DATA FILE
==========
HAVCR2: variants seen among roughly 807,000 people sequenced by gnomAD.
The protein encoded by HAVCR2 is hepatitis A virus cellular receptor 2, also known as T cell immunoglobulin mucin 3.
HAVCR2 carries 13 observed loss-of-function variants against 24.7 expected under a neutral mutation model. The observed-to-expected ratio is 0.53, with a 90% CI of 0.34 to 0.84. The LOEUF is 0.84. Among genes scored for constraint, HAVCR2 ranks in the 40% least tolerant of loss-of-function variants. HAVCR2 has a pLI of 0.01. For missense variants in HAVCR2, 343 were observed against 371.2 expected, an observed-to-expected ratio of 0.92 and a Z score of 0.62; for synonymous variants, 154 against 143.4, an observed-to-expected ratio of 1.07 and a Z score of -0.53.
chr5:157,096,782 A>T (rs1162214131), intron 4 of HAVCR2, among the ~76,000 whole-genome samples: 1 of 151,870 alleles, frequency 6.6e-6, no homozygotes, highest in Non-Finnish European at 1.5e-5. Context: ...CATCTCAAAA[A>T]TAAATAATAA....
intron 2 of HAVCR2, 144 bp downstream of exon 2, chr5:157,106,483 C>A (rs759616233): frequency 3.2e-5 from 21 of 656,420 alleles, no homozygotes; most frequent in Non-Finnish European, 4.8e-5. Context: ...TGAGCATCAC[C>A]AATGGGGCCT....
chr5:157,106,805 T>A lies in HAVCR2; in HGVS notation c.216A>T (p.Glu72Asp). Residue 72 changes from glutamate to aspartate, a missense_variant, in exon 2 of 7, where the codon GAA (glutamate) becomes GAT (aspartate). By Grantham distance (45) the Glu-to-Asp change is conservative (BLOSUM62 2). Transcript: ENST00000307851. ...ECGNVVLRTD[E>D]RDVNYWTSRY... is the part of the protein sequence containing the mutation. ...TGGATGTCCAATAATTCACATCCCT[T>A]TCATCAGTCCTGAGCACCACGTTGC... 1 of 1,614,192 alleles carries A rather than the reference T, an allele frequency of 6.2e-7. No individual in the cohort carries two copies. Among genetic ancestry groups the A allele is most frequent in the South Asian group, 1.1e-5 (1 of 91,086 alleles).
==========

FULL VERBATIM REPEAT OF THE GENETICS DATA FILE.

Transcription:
HAVCR2: variants seen among roughly 807,000 people sequenced by gnomAD.
The protein encoded by HAVCR2 is hepatitis A virus cellular receptor 2, also known as T cell immunoglobulin mucin 3.
HAVCR2 carries 13 observed loss-of-function variants against 24.7 expected under a neutral mutation model. The observed-to-expected ratio is 0.53, with a 90% CI of 0.34 to 0.84. The LOEUF is 0.84. Among genes scored for constraint, HAVCR2 ranks in the 40% least tolerant of loss-of-function variants. HAVCR2 has a pLI of 0.01. For missense variants in HAVCR2, 343 were observed against 371.2 expected, an observed-to-expected ratio of 0.92 and a Z score of 0.62; for synonymous variants, 154 against 143.4, an observed-to-expected ratio of 1.07 and a Z score of -0.53.
chr5:157,096,782 A>T (rs1162214131), intron 4 of HAVCR2, among the ~76,000 whole-genome samples: 1 of 151,870 alleles, frequency 6.6e-6, no homozygotes, highest in Non-Finnish European at 1.5e-5. Context: ...CATCTCAAAA[A>T]TAAATAATAA....
intron 2 of HAVCR2, 144 bp downstream of exon 2, chr5:157,106,483 C>A (rs759616233): frequency 3.2e-5 from 21 of 656,420 alleles, no homozygotes; most frequent in Non-Finnish European, 4.8e-5. Context: ...TGAGCATCAC[C>A]AATGGGGCCT....
chr5:157,106,805 T>A lies in HAVCR2; in HGVS notation c.216A>T (p.Glu72Asp). Residue 72 changes from glutamate to aspartate, a missense_variant, in exon 2 of 7, where the codon GAA (glutamate) becomes GAT (aspartate). By Grantham distance (45) the Glu-to-Asp change is conservative (BLOSUM62 2). Transcript: ENST00000307851. ...ECGNVVLRTD[E>D]RDVNYWTSRY... is the part of the protein sequence containing the mutation. ...TGGATGTCCAATAATTCACATCCCT[T>A]TCATCAGTCCTGAGCACCACGTTGC... 1 of 1,614,192 alleles carries A rather than the reference T, an allele frequency of 6.2e-7. No individual in the cohort carries two copies. Among genetic ancestry groups the A allele is most frequent in the South Asian group, 1.1e-5 (1 of 91,086 alleles).